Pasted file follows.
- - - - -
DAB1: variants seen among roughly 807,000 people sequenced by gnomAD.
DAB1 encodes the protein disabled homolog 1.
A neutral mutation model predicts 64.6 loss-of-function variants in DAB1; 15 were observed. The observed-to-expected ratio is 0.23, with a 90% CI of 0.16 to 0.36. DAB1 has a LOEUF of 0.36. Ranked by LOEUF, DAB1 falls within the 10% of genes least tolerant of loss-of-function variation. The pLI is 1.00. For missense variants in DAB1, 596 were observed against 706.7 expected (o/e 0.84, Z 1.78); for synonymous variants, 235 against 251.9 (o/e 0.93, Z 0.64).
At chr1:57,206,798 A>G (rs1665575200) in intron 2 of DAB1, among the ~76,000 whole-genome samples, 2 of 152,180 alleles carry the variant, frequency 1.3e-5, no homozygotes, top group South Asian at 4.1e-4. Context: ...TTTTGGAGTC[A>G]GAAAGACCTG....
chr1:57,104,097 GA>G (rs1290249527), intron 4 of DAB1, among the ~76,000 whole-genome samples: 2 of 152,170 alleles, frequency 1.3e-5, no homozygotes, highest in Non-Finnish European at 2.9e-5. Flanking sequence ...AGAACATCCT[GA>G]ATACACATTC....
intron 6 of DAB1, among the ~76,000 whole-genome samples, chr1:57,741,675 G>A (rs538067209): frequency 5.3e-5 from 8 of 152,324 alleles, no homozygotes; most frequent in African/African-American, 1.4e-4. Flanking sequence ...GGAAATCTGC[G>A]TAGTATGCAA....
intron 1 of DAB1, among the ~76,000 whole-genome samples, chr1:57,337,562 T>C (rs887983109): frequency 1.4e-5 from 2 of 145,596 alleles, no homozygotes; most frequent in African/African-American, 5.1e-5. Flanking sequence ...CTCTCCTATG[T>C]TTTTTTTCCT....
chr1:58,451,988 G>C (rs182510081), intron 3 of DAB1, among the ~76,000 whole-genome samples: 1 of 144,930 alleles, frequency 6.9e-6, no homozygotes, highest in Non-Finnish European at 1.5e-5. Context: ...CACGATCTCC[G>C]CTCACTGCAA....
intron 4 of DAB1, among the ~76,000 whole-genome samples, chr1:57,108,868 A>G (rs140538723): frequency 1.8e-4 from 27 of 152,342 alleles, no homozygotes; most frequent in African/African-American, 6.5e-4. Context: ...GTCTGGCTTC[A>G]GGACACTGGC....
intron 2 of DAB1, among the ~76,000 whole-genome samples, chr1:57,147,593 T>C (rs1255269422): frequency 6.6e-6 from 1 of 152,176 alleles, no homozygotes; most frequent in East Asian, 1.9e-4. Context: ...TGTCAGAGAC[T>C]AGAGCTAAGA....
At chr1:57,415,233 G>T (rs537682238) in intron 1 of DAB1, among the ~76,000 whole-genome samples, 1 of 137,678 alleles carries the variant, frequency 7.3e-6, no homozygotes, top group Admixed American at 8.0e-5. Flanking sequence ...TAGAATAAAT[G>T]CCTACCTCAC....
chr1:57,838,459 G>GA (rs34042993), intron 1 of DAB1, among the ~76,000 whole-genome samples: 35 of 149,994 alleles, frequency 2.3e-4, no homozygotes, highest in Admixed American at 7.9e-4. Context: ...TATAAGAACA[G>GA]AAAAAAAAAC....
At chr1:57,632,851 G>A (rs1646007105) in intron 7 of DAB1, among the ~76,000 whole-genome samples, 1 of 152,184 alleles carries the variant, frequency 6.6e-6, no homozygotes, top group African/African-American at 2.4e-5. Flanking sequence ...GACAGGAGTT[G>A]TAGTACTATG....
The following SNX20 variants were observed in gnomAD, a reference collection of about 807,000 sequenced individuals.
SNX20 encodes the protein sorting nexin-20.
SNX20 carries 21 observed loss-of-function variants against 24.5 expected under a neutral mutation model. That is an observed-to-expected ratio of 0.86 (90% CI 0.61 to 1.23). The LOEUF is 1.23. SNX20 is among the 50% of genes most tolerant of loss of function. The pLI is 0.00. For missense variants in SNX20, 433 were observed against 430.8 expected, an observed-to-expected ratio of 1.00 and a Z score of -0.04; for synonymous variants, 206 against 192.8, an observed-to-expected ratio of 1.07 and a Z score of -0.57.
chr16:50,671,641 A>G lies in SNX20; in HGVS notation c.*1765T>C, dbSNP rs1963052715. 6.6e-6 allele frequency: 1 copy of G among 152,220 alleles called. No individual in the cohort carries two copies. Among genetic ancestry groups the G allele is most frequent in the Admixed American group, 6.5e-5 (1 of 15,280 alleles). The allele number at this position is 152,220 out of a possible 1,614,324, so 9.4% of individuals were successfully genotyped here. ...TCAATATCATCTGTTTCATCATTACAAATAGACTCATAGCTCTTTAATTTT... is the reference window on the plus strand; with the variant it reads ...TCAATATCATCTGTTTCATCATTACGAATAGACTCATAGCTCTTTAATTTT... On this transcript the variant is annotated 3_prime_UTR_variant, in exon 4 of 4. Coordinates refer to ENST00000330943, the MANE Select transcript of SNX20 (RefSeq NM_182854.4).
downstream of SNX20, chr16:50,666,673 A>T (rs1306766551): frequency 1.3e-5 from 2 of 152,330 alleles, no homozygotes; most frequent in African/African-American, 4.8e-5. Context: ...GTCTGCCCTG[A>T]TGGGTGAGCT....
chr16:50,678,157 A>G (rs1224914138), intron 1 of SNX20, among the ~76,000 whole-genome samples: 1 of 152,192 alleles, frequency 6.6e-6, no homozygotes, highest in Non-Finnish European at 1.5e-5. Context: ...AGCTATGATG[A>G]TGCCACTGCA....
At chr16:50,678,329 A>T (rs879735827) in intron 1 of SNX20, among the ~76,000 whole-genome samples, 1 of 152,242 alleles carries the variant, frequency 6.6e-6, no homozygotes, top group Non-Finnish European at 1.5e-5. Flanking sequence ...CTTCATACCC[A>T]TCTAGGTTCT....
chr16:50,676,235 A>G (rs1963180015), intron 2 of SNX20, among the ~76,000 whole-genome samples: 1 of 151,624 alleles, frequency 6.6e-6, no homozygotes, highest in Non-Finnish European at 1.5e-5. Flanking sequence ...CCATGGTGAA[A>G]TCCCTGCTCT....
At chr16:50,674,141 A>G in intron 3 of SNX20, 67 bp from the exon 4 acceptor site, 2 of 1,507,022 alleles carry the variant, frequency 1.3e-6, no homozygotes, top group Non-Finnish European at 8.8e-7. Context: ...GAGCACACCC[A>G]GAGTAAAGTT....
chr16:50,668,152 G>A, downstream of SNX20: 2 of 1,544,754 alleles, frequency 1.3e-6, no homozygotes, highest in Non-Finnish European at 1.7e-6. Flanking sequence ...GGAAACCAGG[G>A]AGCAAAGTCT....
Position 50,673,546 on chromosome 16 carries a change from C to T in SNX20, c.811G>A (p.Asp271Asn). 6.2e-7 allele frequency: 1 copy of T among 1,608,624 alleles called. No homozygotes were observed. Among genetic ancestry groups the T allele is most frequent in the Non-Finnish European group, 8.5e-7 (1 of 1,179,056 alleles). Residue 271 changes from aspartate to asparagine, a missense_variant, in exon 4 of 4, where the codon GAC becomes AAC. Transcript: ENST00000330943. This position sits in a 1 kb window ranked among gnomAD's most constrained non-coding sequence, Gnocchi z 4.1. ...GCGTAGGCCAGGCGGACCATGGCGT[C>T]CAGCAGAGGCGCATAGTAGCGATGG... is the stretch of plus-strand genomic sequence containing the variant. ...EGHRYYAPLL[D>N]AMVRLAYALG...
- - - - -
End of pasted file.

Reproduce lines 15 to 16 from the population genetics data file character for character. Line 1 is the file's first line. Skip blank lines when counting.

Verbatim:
SNX20 encodes the protein sorting nexin-20.
SNX20 carries 21 observed loss-of-function variants against 24.5 expected under a neutral mutation model. That is an observed-to-expected ratio of 0.86 (90% CI 0.61 to 1.23). The LOEUF is 1.23. SNX20 is among the 50% of genes most tolerant of loss of function. The pLI is 0.00. For missense variants in SNX20, 433 were observed against 430.8 expected, an observed-to-expected ratio of 1.00 and a Z score of -0.04; for synonymous variants, 206 against 192.8, an observed-to-expected ratio of 1.07 and a Z score of -0.57.